“As a matter of fact,” he continued, “the schism that we have to mend is science and faith. And more and more nowadays, the human person does not have one single type of knowledge.”
“Think about the knowledge of love. Falling in love that has its own grammar and syntax, its own way to express itself. Think of the language of the arts that helps us to understand science through our insight.”
Cardinal Ravasi stated his hope that the meetings would demonstrate how necessary the union between faith and science is. ”Faith without science is blind. Science without faith is lame,” he said.
“The knowledge of a person is the joining of two paths, sometimes this encounter leads to tension and this is the reason why I would like to invoke an image.” Cardinal Ravasi held an image of a detail from the Sistine Chapel: the hand of God touching the hand of Adam. The image, he said, shows “the union between the transcendent figure of God and the weak hand of human nature.”
Cardinal Ravasi concluded by giving the image along with an award of recognition to Dr. Robin Smith, president of the Stem for Life Foundation and CEO of NeoStem, expressing his gratitude for her efforts in bridging the gap between science and faith with her work on adult stem cell research.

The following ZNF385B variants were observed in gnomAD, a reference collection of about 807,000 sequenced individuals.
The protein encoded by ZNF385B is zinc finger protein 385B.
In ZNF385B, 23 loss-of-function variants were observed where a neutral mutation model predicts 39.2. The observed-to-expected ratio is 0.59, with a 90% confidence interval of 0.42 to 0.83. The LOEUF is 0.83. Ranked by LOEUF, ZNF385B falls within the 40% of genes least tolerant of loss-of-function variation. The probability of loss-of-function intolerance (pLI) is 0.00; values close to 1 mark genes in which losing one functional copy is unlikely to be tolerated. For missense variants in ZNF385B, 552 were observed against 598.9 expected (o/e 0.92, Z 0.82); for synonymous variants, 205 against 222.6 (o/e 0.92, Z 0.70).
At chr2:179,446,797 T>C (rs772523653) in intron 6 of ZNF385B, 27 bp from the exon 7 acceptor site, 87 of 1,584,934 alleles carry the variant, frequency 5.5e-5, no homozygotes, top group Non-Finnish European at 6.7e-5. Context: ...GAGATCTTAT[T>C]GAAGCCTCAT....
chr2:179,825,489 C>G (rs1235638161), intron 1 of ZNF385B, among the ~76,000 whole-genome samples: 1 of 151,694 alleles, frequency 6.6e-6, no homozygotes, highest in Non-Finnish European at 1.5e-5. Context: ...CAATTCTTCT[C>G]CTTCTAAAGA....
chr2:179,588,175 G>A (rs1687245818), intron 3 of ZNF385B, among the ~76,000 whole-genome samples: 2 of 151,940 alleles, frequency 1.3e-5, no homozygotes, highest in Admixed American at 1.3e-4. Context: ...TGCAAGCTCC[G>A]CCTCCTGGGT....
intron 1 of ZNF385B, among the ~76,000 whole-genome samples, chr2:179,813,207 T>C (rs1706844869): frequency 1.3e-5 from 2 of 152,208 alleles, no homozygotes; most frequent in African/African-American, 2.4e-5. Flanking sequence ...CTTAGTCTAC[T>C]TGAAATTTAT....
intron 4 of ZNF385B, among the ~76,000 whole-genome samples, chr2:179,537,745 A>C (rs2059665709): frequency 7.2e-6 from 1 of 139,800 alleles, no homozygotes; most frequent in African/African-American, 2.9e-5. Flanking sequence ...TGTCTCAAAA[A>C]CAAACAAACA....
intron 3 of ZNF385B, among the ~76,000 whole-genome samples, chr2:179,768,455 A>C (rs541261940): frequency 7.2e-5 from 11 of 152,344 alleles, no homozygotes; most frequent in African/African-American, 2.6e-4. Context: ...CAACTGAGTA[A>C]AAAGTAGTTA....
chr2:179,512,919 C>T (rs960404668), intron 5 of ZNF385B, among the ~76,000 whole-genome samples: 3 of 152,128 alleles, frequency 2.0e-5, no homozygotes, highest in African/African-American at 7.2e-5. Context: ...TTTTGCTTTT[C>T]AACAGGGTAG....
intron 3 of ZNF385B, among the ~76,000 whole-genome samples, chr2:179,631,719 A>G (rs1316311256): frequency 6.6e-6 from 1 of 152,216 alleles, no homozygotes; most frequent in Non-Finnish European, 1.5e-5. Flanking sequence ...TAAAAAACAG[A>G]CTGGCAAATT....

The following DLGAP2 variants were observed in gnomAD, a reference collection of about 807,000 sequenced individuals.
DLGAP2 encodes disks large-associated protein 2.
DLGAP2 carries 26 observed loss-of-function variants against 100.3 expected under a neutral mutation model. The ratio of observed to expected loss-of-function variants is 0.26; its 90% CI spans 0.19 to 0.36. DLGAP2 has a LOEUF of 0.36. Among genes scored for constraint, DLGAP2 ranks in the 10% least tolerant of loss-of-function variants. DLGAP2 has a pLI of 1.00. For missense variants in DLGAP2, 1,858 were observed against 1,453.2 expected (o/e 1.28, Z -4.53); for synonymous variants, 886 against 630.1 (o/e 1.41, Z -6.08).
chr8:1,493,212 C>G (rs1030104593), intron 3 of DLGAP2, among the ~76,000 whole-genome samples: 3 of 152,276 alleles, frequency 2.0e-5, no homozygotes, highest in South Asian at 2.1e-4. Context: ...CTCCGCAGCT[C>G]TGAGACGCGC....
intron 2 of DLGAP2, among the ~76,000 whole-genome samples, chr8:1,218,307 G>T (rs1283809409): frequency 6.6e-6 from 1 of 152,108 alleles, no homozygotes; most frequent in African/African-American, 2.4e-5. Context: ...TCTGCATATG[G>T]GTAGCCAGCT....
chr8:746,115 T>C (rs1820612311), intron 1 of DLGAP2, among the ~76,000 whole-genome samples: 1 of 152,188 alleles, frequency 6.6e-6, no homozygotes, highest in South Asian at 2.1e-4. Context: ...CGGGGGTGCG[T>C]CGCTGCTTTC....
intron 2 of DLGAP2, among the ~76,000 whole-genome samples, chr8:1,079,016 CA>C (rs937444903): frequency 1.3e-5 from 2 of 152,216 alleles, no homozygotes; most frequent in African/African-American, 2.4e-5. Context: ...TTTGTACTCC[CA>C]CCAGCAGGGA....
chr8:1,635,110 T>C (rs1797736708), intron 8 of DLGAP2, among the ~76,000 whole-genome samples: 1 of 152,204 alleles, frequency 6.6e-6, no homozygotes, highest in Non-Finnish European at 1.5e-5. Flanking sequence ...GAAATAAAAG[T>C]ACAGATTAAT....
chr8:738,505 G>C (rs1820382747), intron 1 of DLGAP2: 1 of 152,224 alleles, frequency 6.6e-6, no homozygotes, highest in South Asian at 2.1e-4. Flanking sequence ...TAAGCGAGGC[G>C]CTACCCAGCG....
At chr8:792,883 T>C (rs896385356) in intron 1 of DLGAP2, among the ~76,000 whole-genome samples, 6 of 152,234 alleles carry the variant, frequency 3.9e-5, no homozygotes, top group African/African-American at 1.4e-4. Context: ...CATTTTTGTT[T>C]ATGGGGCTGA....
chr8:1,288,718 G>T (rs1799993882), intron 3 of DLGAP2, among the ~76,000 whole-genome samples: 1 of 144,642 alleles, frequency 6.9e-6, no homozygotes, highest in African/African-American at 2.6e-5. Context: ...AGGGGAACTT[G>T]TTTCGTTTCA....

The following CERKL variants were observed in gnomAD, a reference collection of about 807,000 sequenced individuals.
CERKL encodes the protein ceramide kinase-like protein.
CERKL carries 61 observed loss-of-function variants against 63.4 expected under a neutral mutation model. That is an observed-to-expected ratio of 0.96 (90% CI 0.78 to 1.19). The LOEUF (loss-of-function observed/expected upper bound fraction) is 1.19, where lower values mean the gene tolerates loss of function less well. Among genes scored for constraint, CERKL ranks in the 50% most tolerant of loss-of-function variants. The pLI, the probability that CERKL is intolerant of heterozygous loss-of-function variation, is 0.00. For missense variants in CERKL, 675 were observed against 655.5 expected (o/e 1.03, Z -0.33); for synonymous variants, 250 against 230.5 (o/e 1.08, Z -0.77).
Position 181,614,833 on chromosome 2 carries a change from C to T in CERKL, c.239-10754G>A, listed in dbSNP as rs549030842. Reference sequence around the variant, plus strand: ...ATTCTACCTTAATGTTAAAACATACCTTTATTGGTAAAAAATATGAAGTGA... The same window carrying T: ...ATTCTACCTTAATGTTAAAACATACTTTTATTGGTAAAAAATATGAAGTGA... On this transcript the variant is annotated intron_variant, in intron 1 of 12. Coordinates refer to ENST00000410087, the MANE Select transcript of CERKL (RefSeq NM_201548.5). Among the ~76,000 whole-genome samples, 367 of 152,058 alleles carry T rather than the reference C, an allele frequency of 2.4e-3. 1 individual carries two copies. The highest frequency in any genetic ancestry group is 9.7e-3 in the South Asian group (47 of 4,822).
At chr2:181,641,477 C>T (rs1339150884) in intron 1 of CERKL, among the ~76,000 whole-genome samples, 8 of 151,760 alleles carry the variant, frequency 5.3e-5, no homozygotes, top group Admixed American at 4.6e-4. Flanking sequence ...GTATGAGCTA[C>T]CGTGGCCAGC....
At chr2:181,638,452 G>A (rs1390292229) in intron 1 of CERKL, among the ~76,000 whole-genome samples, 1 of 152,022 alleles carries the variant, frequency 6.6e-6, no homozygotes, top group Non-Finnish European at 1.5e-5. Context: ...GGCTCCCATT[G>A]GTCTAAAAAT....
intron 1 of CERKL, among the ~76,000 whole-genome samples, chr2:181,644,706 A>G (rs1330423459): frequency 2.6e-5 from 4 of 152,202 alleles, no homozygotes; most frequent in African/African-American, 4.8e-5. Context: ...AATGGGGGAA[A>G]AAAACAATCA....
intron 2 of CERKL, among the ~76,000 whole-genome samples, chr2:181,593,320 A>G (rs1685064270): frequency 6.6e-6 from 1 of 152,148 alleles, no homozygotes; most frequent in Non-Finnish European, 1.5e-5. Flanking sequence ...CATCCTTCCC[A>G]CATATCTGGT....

‘An Alliance of Heart and Mind’
Also opening the conference on adult stem cell therapy was Bishop Ignacio Carrasco de Paula, president of the Pontifical Academy for Life. Bishop Carrasco de Paula stated that the research on the application of stem cells was “very promising right now” though not without its challenges.
“The subject of the therapeutical use of adult stem cells, is a difficult challenge with clinical economic and ethical consequences. And right now, the problems I have seen that are insurmountable are of those that are embryonic.
Bishop Carrasco said that he was sorry that the Catholic Church’s expectations regarding stem cell research are not understood, particularly in the fight against illnesses. However, he said, “right now, I think we proved that the Church is not against scientific research.”
“There is room for a possible friendship between science and faith,” he continued. “Faith is based on words, on confidence; science is based on verification of facts. They are quite different but not enemies. The Catholic faith has nothing against stem cells. They are a part of the biological world we live in. They are a demonstration of God’s power, of human potential.”
Bishop Carrasco stated that while the scientific research on stem cells is encouraging for people, the Church would also like to add their input on the research.
The cultural impact of the discussions on adult stem cell research, he said, “will be deep and will have an impact in the quality of life of our patients.”
“I think that this must become a real benchmark for our society. We must build an alliance between heart and mind. Our patients will be deeply grateful to us,” he concluded.